St. James’ Church, Nallur: 200 years of Christian witness | Sunday Observer

St. James’ Church, Nallur: 200 years of Christian witness

The Northern Province has many churches representing different Christian denominations. One of these beautiful sanctums of worship is the St. James’ Church located in Nallur. Since 1818 she stands proud as a testament to the Anglican community of Jaffna. The history of this church traces back to almost 500 years ago.

The town of Nallur is famously known for the Kandaswamy Kovil which draws thousands of Hindu devotees. Located a few hundred metres away is this serene Anglican Church, partly hidden by palm trees. The front façade is simple with the bell tower visible at a distance. The old parapet wall has been carefully restored and a new wall erected around the premises. As we walked to the office of the vicar, I was surprised to notice Dutch style columns supporting the outer roof of the building. The resident vicar Rev. Jebachelvan Stephen ushered us into his office.

Rays of sunlight streamed through the slits in the wooden windows, engulfing the church office in a somewhat bright glow. Rev. Stephen explained, “This is one of the oldest Anglican churches in Ceylon. This location was chosen by the pioneer missionary Rev. Joseph Knight. He came to Jaffna and began preaching in a bungalow. He also started a small day school with seven boys, known as the Nallur English Seminary, which later relocated and blossomed into St. John’s College, Jaffna. The good work of Rev. Joseph Knight has indeed impacted thousands of lives - both students and Anglican parishioners, for two centuries. His name is still said with much veneration and love”.

Military conquest

According to an old map and some recorded history this land had belonged to the Tamil king Chankilian the Second (also spelt Cankili). During his reign he had built many Hindu kovils surrounding the now famous Kandaswamy kovil. All was well until the Portuguese arrived in Jaffna under the command of Major Filipe de Oliveira. The well armed Portuguese numbering almost 50,000 troops massacred the Tamil army and burned the king’s palace. The royal bathing pool Jamunari is seen in ruins, today.

The king was captured and sent to Goa, India, where he is said to have converted to Roman Catholicism. However, he was hanged for his crimes of killing Portuguese Christians back in Jaffna. Thus ended the reign of the Aryacakravarti dynasty who had ruled Jaffna for almost 300 years. King Chankilian’s wife who also embraced the Catholic faith was baptized. She had donated this land to the church. Other members of the royal household entered the religious life in Goa, so their life of celibacy ensured that there was no one to claim the throne in future. Subsequently, the Dutch wielded their influence in Jaffna, but they were tolerant of other religions. The Dutch predikaant (preacher) Phillipus Baldaeus also makes mention of this church in Nallur.

Arrival of the CMS clergy

After the British established their power in Ceylon, the Dutch churches were neglected. Initially, the British East India Company did not entertain Christian missionaries in Ceylon. It was only in 1813 that the charter of the company changed and the first missionaries from the CMS (Church Missionary Society) set sail to Ceylon. They left England in December 1817 on board the ship Vittori and reached Colombo in June 1818. The 31 year old Rev. Joseph Knight was accompanied by Rev. Samuel Lambrick, Rev. Robert Major and Rev. Benjamin Ward. On reaching Colombo the four clergymen went in four directions and Rev. Knight went to Jaffna. It took Rev. Joseph Knight two years to master the Tamil language, which he learnt from a local pundit. During 1822 the Jaffna area was afflicted by a severe outbreak of cholera, which posed a great challenge to the young missionary priest. Hundreds of Tamils died in the epidemic.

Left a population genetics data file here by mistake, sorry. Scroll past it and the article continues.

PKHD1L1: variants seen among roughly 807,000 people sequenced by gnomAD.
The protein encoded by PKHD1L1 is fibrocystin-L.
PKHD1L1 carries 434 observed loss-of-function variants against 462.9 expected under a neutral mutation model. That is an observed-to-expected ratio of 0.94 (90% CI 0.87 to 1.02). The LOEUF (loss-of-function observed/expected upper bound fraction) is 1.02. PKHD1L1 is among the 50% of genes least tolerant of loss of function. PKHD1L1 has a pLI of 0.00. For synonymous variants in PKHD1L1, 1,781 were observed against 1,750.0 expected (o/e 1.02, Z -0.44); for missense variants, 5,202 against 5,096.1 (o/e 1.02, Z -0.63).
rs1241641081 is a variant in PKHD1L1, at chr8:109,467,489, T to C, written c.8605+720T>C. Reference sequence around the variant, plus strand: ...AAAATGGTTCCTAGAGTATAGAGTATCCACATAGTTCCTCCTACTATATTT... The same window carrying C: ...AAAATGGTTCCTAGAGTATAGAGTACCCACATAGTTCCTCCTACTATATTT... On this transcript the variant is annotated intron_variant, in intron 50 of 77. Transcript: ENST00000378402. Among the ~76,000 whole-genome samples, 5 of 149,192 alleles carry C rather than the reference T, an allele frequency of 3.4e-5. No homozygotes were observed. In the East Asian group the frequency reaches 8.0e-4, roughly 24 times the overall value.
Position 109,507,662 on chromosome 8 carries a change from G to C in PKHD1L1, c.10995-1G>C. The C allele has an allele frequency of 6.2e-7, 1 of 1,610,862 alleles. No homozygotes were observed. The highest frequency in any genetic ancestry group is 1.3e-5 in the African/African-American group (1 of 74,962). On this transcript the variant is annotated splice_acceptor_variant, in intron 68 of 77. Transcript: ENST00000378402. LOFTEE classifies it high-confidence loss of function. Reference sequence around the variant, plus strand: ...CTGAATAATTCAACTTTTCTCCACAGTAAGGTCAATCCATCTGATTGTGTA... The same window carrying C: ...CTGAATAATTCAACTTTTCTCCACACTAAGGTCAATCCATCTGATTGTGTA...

In 1823 the old Dutch church was formally handed over to Rev. Knight by the then Governor. It took another 10 years to prepare the new church for worship. The old church was 100 feet long and 36 feet wide. The new church was blessed and dedicated on July 25 to coincide with the feast of Saint James in the Anglican tradition. During this time Rev. Knight visited the local families asking them to come to church. It is interesting that some descendants of these families still worship at St. James’, while a few families have since moved to Colombo. It is said that some printing equipment brought by an American was used in the vestry of this church to print evangelistic tracts. In 1841 the first newspaper in the Northern Province, the Morning Star was printed using these printing machines. The newspaper had four pages- two in English and two in Tamil.

As we walked inside the church Rev. Stephen pointed out the old antique furniture. Some of the pews traced back to the Dutch period. The pulpit also showed a very old design. The bell tower had been added to the edifice in 1849 and rose to stand at 60 feet. However, the history of the church bell dates to 1842 when Rev. W. Adley had requested the CMS in London to send a bell. The bell arrived by ship and had to be kept on a temporary stand until the tower was erected much later. The wooden steps to the tower are still in place.

The vicar showed us the old keys that opened the side doors. These iron keys have been used for nearly two centuries! Like many churches in the North this church also witnessed the realities of war, but its priests always stayed with the church never abandoning the people. As this church is embellished with so much history it was proclaimed an archeologically protected monument in 2011. Its present day congregation numbers around 350 people. St. James’ Church continues to uphold the vision of Rev. Joseph Knight by proclaiming the good news of the gospel to the people of Jaffna. 

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